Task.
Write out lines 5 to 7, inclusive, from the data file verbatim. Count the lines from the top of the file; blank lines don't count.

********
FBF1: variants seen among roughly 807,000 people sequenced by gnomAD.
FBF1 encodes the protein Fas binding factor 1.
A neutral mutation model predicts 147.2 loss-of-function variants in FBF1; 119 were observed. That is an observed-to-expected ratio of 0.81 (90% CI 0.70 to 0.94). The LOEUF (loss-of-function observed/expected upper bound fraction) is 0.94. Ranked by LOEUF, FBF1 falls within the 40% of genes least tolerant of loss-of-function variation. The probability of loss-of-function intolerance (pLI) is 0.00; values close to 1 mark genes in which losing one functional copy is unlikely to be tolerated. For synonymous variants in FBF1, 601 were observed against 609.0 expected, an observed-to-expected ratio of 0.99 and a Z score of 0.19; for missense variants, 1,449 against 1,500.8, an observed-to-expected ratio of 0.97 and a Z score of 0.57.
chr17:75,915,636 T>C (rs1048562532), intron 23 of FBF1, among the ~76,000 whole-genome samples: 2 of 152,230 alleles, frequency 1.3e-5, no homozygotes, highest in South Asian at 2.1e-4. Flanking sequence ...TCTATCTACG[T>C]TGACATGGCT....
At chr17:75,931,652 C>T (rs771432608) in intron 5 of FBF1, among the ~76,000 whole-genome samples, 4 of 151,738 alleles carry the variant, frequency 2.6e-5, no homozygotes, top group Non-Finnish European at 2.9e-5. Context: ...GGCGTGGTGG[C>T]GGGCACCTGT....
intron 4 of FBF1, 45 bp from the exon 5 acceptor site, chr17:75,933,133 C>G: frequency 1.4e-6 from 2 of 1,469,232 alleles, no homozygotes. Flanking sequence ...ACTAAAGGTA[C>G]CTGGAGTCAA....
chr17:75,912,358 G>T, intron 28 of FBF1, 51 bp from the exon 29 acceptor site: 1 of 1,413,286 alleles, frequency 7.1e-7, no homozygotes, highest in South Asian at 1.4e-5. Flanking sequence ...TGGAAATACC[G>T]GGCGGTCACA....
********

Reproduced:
At chr17:75,931,652 C>T (rs771432608) in intron 5 of FBF1, among the ~76,000 whole-genome samples, 4 of 151,738 alleles carry the variant, frequency 2.6e-5, no homozygotes, top group Non-Finnish European at 2.9e-5. Context: ...GGCGTGGTGG[C>T]GGGCACCTGT....
intron 4 of FBF1, 45 bp from the exon 5 acceptor site, chr17:75,933,133 C>G: frequency 1.4e-6 from 2 of 1,469,232 alleles, no homozygotes. Flanking sequence ...ACTAAAGGTA[C>G]CTGGAGTCAA....
chr17:75,912,358 G>T, intron 28 of FBF1, 51 bp from the exon 29 acceptor site: 1 of 1,413,286 alleles, frequency 7.1e-7, no homozygotes, highest in South Asian at 1.4e-5. Flanking sequence ...TGGAAATACC[G>T]GGCGGTCACA....